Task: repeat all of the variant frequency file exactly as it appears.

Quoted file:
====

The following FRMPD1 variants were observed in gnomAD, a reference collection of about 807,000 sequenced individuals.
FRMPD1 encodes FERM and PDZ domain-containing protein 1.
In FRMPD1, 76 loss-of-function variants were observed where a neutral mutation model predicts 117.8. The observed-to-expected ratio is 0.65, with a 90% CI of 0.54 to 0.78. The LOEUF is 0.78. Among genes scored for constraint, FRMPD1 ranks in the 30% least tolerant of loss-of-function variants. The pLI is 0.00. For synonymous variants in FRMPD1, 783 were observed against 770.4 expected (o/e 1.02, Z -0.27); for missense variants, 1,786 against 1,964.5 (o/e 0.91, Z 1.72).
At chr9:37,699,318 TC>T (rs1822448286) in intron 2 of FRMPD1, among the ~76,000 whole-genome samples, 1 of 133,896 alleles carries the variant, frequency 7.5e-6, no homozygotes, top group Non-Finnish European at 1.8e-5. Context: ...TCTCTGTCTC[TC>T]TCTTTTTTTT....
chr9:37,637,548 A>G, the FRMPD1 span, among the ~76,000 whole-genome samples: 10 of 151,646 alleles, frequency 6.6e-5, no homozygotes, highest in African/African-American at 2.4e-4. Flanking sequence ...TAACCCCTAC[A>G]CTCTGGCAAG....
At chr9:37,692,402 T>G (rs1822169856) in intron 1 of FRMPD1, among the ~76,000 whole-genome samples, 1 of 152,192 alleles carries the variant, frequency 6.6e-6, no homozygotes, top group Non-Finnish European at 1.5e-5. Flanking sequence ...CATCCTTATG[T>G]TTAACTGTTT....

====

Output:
The following FRMPD1 variants were observed in gnomAD, a reference collection of about 807,000 sequenced individuals.
FRMPD1 encodes FERM and PDZ domain-containing protein 1.
In FRMPD1, 76 loss-of-function variants were observed where a neutral mutation model predicts 117.8. The observed-to-expected ratio is 0.65, with a 90% CI of 0.54 to 0.78. The LOEUF is 0.78. Among genes scored for constraint, FRMPD1 ranks in the 30% least tolerant of loss-of-function variants. The pLI is 0.00. For synonymous variants in FRMPD1, 783 were observed against 770.4 expected (o/e 1.02, Z -0.27); for missense variants, 1,786 against 1,964.5 (o/e 0.91, Z 1.72).
At chr9:37,699,318 TC>T (rs1822448286) in intron 2 of FRMPD1, among the ~76,000 whole-genome samples, 1 of 133,896 alleles carries the variant, frequency 7.5e-6, no homozygotes, top group Non-Finnish European at 1.8e-5. Context: ...TCTCTGTCTC[TC>T]TCTTTTTTTT....
chr9:37,637,548 A>G, the FRMPD1 span, among the ~76,000 whole-genome samples: 10 of 151,646 alleles, frequency 6.6e-5, no homozygotes, highest in African/African-American at 2.4e-4. Flanking sequence ...TAACCCCTAC[A>G]CTCTGGCAAG....
At chr9:37,692,402 T>G (rs1822169856) in intron 1 of FRMPD1, among the ~76,000 whole-genome samples, 1 of 152,192 alleles carries the variant, frequency 6.6e-6, no homozygotes, top group Non-Finnish European at 1.5e-5. Flanking sequence ...CATCCTTATG[T>G]TTAACTGTTT....